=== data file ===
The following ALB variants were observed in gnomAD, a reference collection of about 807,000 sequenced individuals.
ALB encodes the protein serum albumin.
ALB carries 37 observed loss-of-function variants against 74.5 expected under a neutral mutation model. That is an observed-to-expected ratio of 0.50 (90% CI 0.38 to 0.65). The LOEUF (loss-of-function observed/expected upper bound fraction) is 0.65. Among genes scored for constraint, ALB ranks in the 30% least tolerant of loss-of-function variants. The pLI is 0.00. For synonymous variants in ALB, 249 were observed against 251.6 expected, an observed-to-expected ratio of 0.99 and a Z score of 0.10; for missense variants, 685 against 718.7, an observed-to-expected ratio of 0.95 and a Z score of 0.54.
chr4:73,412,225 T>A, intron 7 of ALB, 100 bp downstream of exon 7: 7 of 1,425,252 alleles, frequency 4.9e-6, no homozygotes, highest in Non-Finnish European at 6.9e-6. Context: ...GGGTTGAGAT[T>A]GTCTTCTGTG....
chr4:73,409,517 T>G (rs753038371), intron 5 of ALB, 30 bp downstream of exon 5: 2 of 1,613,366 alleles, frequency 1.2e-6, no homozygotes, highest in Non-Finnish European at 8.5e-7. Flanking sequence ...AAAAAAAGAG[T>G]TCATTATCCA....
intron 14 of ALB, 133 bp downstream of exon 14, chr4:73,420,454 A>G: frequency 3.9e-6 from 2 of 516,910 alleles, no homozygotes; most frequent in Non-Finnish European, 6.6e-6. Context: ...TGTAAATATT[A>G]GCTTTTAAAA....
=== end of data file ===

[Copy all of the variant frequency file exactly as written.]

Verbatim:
The following ALB variants were observed in gnomAD, a reference collection of about 807,000 sequenced individuals.
ALB encodes the protein serum albumin.
ALB carries 37 observed loss-of-function variants against 74.5 expected under a neutral mutation model. That is an observed-to-expected ratio of 0.50 (90% CI 0.38 to 0.65). The LOEUF (loss-of-function observed/expected upper bound fraction) is 0.65. Among genes scored for constraint, ALB ranks in the 30% least tolerant of loss-of-function variants. The pLI is 0.00. For synonymous variants in ALB, 249 were observed against 251.6 expected, an observed-to-expected ratio of 0.99 and a Z score of 0.10; for missense variants, 685 against 718.7, an observed-to-expected ratio of 0.95 and a Z score of 0.54.
chr4:73,412,225 T>A, intron 7 of ALB, 100 bp downstream of exon 7: 7 of 1,425,252 alleles, frequency 4.9e-6, no homozygotes, highest in Non-Finnish European at 6.9e-6. Context: ...GGGTTGAGAT[T>A]GTCTTCTGTG....
chr4:73,409,517 T>G (rs753038371), intron 5 of ALB, 30 bp downstream of exon 5: 2 of 1,613,366 alleles, frequency 1.2e-6, no homozygotes, highest in Non-Finnish European at 8.5e-7. Flanking sequence ...AAAAAAAGAG[T>G]TCATTATCCA....
intron 14 of ALB, 133 bp downstream of exon 14, chr4:73,420,454 A>G: frequency 3.9e-6 from 2 of 516,910 alleles, no homozygotes; most frequent in Non-Finnish European, 6.6e-6. Context: ...TGTAAATATT[A>G]GCTTTTAAAA....